Anyway, I could go on. But let’s hear what some of the readers of the Star Tribune are saying about Archbishop Nienstedt’s call for a marriage amendment.
Shadowman72 writes: Notice how this article lacks one good reason against gay marriage. . . . First off, having children is not a requirement of marriage. There are many straight couples that can’t or don’t have children that still are allowed to get married. . . . Next, [Nienstedt] bring[s] a lot of irrelevant variables into the equation. [He] speak[s] of all the problems with heterosexual marriages, like divorce. Good, now we know the real problem that’s harming the institution of marriage. This has nothing to do with gay marriage. . . . Allowing same-sex couples to marry would not affect . . . heterosexual marriage in any way. In fact, [Nienstedt] article proves that the key problems with marriage do not come from gay-marriage, but from within . . . heterosexual marriages.
Orpheus90 writes: The Rev. Nienstedt’s opinion piece suffers from the usual circular logic (or non-logic) and rhetorical vapidity that plagues so many anti-gay marriage political diatribes. Nothing new in that respect. Frankly, it’s pure schlock. The good Reverend’s intellectual and moral failure here, of course, is not hard to discern: that he is not only unable to address the fundamental animus towards gay people that motivates opinions such as his, but that he would also prefer to exploit such animus rather than address it. (And on that particular score the church has a long standing order of numerous – and undelivered – mea culpas on the historical question of its grotesque mistreatment of minorities). Let’s face it, Rev: on fact and logic, the conservatives have lost the debate on gay marriage. Currently all they have is hysteria and the characteristically petrified rhetoric that you deliver here in dull, desultory fashion. Spare us. Next time, answer this question: where, pray tell, is the voice of moral courage to addresses the needs and rights of gay people from within the shrieking nonsense that calls itself conservatism?
pjacbsma writes: If Rev. Nienstedt is really concerned with loving parents raising children he would support gay marriage. There are tens of thousands of children waiting to be adopted in this world, and allowing gay people to marry would help them in adopting. Nienstedt tries to claim that allowing gay marriage would somehow harm hetero marriage. I have yet to hear anyone explain how exactly that would happen. No, the real motive for Neinstedt is simply to oppose gay marriage because homosexuality frightens him. Fear and hatred should never be embraced by someone who calls himself a Christian. God’s greatest commandment is to love your neighbor as yourself. There is no “unless your neighbor is gay” clause attached to that commandment.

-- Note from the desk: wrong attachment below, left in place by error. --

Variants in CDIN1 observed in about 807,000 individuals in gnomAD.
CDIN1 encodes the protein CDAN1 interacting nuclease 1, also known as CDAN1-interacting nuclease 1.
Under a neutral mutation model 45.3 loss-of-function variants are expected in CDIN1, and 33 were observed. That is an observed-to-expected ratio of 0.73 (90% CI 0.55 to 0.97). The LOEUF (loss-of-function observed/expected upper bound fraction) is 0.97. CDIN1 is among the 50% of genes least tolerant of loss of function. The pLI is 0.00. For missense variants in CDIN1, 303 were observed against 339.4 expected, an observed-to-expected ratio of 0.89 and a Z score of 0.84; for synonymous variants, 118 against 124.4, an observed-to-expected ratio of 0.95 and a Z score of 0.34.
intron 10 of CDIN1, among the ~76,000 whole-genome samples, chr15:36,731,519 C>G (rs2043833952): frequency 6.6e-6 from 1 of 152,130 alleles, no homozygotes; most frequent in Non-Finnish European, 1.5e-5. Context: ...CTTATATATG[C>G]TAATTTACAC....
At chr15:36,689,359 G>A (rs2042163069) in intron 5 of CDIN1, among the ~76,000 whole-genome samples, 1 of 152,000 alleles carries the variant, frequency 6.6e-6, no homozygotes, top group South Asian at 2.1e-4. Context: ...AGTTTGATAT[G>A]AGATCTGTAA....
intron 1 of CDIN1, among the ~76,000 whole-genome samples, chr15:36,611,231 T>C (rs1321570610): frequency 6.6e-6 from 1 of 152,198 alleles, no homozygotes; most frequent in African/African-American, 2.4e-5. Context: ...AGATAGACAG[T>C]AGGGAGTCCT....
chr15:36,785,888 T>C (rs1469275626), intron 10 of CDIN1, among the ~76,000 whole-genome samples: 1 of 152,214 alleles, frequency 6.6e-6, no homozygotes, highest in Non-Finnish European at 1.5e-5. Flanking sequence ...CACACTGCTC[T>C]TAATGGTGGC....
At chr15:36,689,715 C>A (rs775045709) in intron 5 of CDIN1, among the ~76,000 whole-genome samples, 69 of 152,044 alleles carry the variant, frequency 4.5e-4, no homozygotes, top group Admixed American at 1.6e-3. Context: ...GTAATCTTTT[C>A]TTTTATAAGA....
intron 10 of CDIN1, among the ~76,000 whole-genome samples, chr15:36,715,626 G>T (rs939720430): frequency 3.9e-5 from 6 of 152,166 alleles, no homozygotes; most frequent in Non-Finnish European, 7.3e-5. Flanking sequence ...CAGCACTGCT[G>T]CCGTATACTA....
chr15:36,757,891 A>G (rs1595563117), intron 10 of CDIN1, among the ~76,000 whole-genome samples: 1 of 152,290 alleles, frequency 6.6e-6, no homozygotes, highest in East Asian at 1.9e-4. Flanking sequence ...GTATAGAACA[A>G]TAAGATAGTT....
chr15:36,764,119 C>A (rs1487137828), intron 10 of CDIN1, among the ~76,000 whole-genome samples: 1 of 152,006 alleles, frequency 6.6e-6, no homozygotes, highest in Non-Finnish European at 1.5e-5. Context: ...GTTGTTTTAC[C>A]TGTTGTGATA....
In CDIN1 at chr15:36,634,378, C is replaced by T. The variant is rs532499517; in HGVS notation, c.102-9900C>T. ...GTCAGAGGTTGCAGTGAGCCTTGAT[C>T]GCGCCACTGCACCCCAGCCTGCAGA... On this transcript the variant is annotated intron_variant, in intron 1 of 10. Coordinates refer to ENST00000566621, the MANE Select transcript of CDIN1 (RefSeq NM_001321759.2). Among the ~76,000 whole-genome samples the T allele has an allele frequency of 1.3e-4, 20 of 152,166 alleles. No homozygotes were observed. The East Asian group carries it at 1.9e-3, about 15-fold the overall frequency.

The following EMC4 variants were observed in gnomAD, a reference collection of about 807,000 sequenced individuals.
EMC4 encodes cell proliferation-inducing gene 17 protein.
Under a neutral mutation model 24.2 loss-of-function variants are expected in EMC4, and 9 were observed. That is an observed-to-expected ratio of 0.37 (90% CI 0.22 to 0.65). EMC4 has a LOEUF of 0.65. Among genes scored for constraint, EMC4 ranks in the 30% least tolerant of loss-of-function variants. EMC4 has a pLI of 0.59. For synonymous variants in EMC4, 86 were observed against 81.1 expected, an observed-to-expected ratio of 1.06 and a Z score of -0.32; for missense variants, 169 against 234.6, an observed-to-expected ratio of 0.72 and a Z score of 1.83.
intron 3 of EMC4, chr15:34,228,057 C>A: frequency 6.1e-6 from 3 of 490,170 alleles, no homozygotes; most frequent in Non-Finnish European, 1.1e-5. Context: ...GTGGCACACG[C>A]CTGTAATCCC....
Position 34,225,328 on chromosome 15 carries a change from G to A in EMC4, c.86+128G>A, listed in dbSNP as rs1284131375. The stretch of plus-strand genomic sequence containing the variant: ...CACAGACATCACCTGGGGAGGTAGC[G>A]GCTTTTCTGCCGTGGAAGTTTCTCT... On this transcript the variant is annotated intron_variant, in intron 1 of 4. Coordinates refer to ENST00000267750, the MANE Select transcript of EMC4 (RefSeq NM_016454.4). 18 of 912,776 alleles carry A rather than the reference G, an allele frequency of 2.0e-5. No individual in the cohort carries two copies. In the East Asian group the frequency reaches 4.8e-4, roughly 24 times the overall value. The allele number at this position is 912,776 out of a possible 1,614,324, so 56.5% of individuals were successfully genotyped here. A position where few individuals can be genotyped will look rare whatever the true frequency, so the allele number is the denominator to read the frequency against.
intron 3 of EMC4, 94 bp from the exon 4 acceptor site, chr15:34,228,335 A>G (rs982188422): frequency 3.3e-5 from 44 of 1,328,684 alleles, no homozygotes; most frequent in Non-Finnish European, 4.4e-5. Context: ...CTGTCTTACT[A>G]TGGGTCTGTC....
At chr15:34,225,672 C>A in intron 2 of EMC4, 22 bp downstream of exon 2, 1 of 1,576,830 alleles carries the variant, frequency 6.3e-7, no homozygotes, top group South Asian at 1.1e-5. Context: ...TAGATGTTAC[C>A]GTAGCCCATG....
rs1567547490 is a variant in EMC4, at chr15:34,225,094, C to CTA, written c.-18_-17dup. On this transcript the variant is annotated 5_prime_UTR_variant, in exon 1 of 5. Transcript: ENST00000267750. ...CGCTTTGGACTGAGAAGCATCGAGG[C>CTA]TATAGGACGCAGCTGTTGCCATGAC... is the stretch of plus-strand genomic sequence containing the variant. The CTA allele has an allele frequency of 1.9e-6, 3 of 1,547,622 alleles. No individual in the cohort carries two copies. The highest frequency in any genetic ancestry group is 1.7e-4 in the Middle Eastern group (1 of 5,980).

Conniek29 writes: Don’t Catholics have more important issues to deal with? Like a complete lack of moral relevance? Like being the world’s largest, most profitable, international child-sex criminal enterprise? If the Catholic Church cannot be trusted with our most vulnerable, why should anyone listen to what a “made man,” an archbishop, has to say about any moral topic? How many young lives would have been protected from rape if the Catholic Church had never existed?
tjkelner writes: For the Church and in particular the Catholic church, it is about money. Embracing marriage and admonishing birth control is the best way they can keep the faithful providing new revenue sources for the church. As a business model they need to continue to foster beliefs that are beneficial to their end result . . . MORE MONEY for the CHURCH. So, they continue to blast anything that is out of focus with their focus.
WhyShouldI writes: If marriage is about raising children then there should be a place on the marriage license to indicate you plan to have children. Also, if it is about raising children, why are senior citizens not banned from marriage. Are they going to start raising a family? Give gay couples the same rights that you give heterosexual senior citizen couples.
Pdxtran writes: No opponent of gay marriage has ever satisfactorily explained how allowing same-sex couples to marry harms the marriages of committed heterosexual couples. They just say it, and we’re supposed to accept it as if it makes sense. I belong to a church that is accepting and welcoming of gays and lesbians, and I know some same-sex couples whose religious faith and devotion to each other would put the average heterosexual couple to shame.
Paige7 writes: If the Archbishop insists on referring to same-sex marriage as “marriage” (because folks seem to think putting it in quotes indicates it’s fake) then I must start insisting that I refer to Catholics as “Christian.”
See also the previous Wild Reed posts:
At UST, a Rousing and Very Catholic Show of Support for Marriage Equality
A Catholic Voice for Marriage Equality at the State Capitol
Minnesotans Rally for Equality and Love at the State Capitol
Sen. John Marty on Marriage Equality in MN: "We Can Make It Happen"
300+ People Vigil at the Cathedral in Solidarity with LGBT Catholics
Same-Sex Marriage: Still Very Much on the Archbishop's Mind
A Christian Case for Same-Sex Marriage
John Corvino on the “Always and Everywhere” Argument Against Marriage Equality
Patrick Ryan on the “Defense of Traditional Marriage” Argument Against Marriage Equality
Nathanial Frank on the “Natural Law” Argument Against Marriage Equality
Romell Weekly on the “Threat to the Family” Argument Against Marriage Equality
America's New Civil Rights Battle
Two Attorneys Discuss Same-Sex Marriage
Dr. Erik Steele and the "Naked Truth on Same-Sex Marriage"
Stephanie Coontz on the Changing Face of "Traditional Marriage"
The Affirmation Declaration
An Ironic Truth
Competent Parenting Doesn't Require "Traditional Marriage"